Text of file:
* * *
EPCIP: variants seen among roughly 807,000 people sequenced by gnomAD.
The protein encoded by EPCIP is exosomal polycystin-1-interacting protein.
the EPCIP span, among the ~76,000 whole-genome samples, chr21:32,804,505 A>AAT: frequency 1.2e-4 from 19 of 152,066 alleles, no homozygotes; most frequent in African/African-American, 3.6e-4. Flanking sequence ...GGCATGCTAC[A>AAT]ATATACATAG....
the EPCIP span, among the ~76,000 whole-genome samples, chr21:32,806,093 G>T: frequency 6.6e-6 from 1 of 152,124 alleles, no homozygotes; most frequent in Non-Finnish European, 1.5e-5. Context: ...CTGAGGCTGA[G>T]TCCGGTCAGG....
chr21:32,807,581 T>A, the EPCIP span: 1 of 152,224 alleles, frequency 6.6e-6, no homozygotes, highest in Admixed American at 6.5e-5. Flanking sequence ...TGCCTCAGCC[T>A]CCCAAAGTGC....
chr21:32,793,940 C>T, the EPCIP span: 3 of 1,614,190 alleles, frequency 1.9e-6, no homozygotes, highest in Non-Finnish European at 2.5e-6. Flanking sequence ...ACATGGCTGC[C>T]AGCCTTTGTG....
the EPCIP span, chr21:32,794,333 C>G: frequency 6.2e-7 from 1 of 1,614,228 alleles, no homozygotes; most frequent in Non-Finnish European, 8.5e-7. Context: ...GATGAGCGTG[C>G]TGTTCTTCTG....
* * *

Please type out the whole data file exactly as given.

EPCIP: variants seen among roughly 807,000 people sequenced by gnomAD.
The protein encoded by EPCIP is exosomal polycystin-1-interacting protein.
the EPCIP span, among the ~76,000 whole-genome samples, chr21:32,804,505 A>AAT: frequency 1.2e-4 from 19 of 152,066 alleles, no homozygotes; most frequent in African/African-American, 3.6e-4. Flanking sequence ...GGCATGCTAC[A>AAT]ATATACATAG....
the EPCIP span, among the ~76,000 whole-genome samples, chr21:32,806,093 G>T: frequency 6.6e-6 from 1 of 152,124 alleles, no homozygotes; most frequent in Non-Finnish European, 1.5e-5. Context: ...CTGAGGCTGA[G>T]TCCGGTCAGG....
chr21:32,807,581 T>A, the EPCIP span: 1 of 152,224 alleles, frequency 6.6e-6, no homozygotes, highest in Admixed American at 6.5e-5. Flanking sequence ...TGCCTCAGCC[T>A]CCCAAAGTGC....
chr21:32,793,940 C>T, the EPCIP span: 3 of 1,614,190 alleles, frequency 1.9e-6, no homozygotes, highest in Non-Finnish European at 2.5e-6. Flanking sequence ...ACATGGCTGC[C>T]AGCCTTTGTG....
the EPCIP span, chr21:32,794,333 C>G: frequency 6.2e-7 from 1 of 1,614,228 alleles, no homozygotes; most frequent in Non-Finnish European, 8.5e-7. Context: ...GATGAGCGTG[C>G]TGTTCTTCTG....